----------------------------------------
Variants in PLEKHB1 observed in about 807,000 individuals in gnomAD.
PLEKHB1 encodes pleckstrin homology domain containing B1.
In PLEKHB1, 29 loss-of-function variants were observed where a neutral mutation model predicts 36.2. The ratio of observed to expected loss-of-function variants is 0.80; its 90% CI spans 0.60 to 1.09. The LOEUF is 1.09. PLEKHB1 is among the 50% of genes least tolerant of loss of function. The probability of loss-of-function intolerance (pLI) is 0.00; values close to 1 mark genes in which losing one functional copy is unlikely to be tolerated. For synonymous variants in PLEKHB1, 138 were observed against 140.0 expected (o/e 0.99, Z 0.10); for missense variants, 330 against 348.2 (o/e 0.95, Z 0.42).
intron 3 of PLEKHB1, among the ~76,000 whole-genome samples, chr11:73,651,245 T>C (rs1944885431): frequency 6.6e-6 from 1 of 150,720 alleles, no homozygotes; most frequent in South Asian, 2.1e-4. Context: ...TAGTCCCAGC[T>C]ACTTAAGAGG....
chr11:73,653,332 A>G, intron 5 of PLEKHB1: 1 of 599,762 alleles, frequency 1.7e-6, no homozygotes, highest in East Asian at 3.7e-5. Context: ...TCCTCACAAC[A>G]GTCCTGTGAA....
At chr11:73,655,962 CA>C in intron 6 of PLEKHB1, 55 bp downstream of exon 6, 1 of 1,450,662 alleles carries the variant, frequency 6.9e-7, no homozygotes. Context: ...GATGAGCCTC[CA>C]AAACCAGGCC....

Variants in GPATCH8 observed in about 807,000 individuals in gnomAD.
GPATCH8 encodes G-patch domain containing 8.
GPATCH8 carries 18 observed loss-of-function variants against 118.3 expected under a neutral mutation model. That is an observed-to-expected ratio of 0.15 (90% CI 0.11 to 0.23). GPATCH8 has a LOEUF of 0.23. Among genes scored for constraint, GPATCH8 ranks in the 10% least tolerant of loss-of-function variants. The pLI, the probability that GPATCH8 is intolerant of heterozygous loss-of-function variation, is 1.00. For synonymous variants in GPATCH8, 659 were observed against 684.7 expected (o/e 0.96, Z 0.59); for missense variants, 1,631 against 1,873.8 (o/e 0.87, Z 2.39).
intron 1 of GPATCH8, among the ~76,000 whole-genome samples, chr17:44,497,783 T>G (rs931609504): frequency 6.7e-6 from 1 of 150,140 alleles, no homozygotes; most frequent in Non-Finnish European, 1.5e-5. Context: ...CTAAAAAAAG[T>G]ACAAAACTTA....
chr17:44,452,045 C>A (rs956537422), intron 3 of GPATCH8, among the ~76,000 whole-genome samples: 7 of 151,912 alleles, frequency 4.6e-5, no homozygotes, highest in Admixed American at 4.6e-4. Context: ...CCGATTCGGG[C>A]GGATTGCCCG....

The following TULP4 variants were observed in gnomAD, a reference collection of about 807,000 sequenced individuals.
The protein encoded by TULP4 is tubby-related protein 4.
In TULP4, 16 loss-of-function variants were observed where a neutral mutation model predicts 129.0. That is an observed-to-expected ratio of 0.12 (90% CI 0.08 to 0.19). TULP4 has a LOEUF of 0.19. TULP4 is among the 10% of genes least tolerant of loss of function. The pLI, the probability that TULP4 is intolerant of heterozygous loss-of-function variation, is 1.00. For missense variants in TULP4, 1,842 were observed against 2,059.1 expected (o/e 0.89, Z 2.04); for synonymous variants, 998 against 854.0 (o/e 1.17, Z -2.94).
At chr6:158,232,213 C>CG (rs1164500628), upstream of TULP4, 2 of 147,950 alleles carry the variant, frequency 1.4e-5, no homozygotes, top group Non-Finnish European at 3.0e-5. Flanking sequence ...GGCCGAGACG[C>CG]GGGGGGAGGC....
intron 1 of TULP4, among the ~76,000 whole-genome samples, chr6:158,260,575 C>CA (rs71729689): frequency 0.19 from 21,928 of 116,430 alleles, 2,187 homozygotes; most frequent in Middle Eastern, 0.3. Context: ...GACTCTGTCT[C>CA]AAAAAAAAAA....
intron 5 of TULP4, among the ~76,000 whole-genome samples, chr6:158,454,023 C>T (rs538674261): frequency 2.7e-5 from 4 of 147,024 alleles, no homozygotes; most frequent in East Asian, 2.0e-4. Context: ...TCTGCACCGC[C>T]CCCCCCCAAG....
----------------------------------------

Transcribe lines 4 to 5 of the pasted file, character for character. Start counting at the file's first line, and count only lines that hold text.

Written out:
intron 3 of PLEKHB1, among the ~76,000 whole-genome samples, chr11:73,651,245 T>C (rs1944885431): frequency 6.6e-6 from 1 of 150,720 alleles, no homozygotes; most frequent in South Asian, 2.1e-4. Context: ...TAGTCCCAGC[T>C]ACTTAAGAGG....
chr11:73,653,332 A>G, intron 5 of PLEKHB1: 1 of 599,762 alleles, frequency 1.7e-6, no homozygotes, highest in East Asian at 3.7e-5. Context: ...TCCTCACAAC[A>G]GTCCTGTGAA....